Chicago appears to have dodged the worst of an early-spring snow system that is dumping six to 10 inches on Central Illinois, according to the National Weather Service.
But according to State Police Sunday night, motorists traveling in Kankakee, Iroquois, and Ford counties should drive only if it is an emergency because ISP District 21 is under a winter weather advisory, according to a statement issued by state police.
As the storm continues to pass through the area, the roadways have become hazardous because they are snow covered and slippery, the statement said.
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The combination of snow and winds will cause roadways to become icy and dangerous to drive on and troopers are currently handling a number of vehicles in the ditch, according to the statement.
As of 9:15 p.m., I-57 near the University of Illinois Champaign-Urbana campus is “almost at a standstill,’’ as students from the Chicago area are trying to get back to school after spring break, ISP Trooper Tracy Lillard said in an emailed statement.
Interstates, state roads, and county roads are extremely dangerous due to the heavy snow fall, white out conditions, drifting snow, and wet and icy road conditions near Pesotum, the statement said.
Additionally, Indiana state police were reporting nasty road conditions in Carroll, Clinton, Benton, Warren, White, Montgomery, Fountain, and Tippecanoe counties, according to a statement.I-65 between the 201 mile marker and the 147 mm have become slick with heavy snowfall causing major problems, the statement said.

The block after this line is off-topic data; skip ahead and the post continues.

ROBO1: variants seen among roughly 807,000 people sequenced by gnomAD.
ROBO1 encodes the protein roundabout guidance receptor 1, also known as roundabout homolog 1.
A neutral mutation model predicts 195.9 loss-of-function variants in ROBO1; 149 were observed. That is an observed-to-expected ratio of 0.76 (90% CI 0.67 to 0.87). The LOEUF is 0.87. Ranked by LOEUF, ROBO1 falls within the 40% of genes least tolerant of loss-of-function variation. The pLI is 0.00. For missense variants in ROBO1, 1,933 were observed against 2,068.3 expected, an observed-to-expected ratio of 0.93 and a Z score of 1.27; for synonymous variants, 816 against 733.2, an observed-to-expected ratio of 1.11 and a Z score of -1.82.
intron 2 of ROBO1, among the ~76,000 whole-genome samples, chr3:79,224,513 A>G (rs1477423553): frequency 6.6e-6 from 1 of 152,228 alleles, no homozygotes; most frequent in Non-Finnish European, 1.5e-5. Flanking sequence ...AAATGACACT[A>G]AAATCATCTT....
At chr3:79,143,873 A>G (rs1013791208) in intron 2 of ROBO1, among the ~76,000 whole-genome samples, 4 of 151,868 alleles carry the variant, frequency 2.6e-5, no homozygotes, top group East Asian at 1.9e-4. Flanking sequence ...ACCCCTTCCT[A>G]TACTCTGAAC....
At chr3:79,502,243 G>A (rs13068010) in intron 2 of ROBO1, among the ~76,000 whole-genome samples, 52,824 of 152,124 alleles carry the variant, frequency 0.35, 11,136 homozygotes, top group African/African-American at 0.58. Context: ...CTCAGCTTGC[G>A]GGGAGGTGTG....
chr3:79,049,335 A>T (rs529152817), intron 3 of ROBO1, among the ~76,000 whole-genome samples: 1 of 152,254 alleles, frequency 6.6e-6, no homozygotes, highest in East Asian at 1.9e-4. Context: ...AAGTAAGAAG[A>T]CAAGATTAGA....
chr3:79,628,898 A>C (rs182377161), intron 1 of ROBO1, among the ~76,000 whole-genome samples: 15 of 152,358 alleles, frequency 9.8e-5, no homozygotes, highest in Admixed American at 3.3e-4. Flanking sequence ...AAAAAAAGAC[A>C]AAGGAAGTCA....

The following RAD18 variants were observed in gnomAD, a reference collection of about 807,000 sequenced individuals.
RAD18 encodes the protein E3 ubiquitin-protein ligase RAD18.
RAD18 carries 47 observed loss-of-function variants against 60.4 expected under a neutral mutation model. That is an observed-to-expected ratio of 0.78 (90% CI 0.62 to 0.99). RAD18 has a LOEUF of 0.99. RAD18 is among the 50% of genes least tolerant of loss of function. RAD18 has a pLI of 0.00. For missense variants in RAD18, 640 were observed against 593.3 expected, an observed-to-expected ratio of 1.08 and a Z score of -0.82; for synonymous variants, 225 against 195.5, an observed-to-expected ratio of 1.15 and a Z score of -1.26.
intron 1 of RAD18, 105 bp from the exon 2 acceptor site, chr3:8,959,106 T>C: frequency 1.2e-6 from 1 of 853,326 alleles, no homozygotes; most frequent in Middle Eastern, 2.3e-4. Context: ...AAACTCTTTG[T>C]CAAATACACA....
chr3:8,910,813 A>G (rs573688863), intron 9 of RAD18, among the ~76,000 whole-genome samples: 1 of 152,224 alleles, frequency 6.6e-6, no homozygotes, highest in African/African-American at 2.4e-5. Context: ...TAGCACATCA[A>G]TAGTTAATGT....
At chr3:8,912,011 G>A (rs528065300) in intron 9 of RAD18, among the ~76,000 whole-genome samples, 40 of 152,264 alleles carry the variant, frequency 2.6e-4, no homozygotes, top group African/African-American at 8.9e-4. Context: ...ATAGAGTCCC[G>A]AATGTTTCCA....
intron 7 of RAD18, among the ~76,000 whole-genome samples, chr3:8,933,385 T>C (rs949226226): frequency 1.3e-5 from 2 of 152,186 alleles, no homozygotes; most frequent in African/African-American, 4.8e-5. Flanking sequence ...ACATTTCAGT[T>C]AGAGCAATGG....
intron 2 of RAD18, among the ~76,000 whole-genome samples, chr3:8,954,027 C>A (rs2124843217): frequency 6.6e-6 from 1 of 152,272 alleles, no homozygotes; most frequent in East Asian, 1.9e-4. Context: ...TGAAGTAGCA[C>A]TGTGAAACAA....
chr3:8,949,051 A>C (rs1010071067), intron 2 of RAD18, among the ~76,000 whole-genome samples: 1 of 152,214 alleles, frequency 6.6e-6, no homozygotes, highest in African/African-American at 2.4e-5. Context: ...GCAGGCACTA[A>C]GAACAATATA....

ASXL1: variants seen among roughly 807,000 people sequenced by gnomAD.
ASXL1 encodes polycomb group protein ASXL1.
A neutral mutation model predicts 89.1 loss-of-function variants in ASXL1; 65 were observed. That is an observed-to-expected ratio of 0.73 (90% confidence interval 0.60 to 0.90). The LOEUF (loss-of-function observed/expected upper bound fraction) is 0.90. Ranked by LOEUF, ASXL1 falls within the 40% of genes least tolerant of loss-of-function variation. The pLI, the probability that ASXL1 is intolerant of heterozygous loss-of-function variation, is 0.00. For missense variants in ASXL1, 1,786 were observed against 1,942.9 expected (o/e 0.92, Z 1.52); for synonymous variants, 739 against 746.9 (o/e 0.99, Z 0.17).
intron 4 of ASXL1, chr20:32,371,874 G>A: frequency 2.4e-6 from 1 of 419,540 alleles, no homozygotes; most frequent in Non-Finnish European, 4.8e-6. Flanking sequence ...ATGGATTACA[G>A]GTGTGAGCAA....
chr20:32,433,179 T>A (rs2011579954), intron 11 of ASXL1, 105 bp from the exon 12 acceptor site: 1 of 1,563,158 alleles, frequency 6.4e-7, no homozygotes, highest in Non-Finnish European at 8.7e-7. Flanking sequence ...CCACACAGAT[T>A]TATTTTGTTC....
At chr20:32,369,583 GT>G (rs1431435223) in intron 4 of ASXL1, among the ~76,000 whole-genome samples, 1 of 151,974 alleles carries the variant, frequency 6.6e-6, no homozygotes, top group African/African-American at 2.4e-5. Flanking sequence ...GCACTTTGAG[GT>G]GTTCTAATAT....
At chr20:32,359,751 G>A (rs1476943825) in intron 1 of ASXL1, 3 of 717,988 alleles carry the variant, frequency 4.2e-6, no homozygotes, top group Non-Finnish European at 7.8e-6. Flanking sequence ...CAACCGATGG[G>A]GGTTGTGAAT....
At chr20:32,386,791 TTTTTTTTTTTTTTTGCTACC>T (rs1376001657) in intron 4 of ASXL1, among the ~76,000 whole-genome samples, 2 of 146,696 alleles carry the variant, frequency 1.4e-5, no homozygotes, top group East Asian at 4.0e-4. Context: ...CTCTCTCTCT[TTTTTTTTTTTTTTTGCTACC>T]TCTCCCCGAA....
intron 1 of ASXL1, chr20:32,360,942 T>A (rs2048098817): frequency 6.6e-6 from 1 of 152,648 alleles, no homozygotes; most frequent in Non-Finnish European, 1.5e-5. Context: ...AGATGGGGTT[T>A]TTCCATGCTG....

The Indiana State Police at Lafayette are currently working numerous slide-offs, several property damage crashes and one serious personal injury crash at the 182 mm, the statement said.
The interstate is open with some areas down to one lane. Traffic is moving at a very slow speed and in some areas there is a small back-up due to crashes.
I-74 is also slick with heavy snow buildup and police are working on several slide-offs and a property damage crash. The interstate is open but moving at a slow pace, the statement said.
Chicago appears to have dodged a bullet.
As the system moves east, it's possible that areas along Lake Michigan will see an additional inch of lake effect snow overnight Sunday and Monday.
The storm has snarled travel and downed power lines while heading from Kansas and Missouri toward Illinois. It could deposit around three inches in Kankakee, according to the weather service, and six inches in Iroquois County, about 90 minutes south of Chicago.
By a little before 3 p.m., more than 8 inches had fallen in Springfield and 5 inches in Mount Zion, southeast of Decatur, according to the National Weather Service. Interstates in much of Central Illinois, from Bloomington to south of Interstate 70, were covered with ice and snow, according to the Illinois Department of Transportation.
Any snow that does fall in the Chicago area isn't likely to last. Temperatures hovered around freezing Sunday morning, with an expected afternoon high of 36 degrees. By Thursday, it could be in the mid-40s.
"We're sort of lucky," Nelson said. "Old Man Winter just doesn't want to give up."